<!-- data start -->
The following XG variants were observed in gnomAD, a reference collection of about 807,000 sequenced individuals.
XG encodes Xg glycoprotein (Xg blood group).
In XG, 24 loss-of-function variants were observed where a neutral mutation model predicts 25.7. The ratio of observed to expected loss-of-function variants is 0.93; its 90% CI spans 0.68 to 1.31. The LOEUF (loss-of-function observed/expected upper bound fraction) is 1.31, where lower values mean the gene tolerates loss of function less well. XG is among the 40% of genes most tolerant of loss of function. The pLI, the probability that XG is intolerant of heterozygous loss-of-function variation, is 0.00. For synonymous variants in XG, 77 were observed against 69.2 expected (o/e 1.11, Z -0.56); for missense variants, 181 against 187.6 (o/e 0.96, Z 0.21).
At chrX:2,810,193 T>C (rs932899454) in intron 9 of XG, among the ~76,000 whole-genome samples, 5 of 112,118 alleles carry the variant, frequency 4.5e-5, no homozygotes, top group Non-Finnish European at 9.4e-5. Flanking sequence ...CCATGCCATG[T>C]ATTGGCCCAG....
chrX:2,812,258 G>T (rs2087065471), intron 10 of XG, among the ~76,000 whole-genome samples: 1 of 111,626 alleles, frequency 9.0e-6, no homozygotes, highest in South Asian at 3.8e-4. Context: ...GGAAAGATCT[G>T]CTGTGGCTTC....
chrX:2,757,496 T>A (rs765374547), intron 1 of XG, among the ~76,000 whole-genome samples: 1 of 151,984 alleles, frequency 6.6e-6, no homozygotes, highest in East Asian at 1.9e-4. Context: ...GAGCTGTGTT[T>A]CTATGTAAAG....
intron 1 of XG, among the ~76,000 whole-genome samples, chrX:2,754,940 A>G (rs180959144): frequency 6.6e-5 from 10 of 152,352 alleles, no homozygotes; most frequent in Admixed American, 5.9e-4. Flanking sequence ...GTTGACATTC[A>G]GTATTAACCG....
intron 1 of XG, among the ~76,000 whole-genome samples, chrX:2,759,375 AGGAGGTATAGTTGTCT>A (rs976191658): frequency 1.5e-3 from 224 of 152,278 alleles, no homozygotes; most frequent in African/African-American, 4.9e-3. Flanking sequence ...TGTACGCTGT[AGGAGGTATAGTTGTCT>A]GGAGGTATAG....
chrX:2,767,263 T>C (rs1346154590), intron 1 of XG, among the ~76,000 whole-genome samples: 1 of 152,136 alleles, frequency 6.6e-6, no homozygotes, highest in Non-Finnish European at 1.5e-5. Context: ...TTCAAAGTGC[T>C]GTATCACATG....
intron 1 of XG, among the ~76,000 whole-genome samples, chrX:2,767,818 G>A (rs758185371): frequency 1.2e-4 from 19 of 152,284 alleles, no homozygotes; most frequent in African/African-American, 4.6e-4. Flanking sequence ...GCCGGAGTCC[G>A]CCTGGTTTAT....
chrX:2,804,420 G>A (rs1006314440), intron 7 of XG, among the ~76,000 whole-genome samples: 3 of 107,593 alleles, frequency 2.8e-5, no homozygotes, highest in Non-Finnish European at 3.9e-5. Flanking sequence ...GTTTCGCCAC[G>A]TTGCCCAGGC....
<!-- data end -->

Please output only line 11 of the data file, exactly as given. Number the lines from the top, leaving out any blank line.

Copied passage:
chrX:2,804,420 G>A (rs1006314440), intron 7 of XG, among the ~76,000 whole-genome samples: 3 of 107,593 alleles, frequency 2.8e-5, no homozygotes, highest in Non-Finnish European at 3.9e-5. Flanking sequence ...GTTTCGCCAC[G>A]TTGCCCAGGC....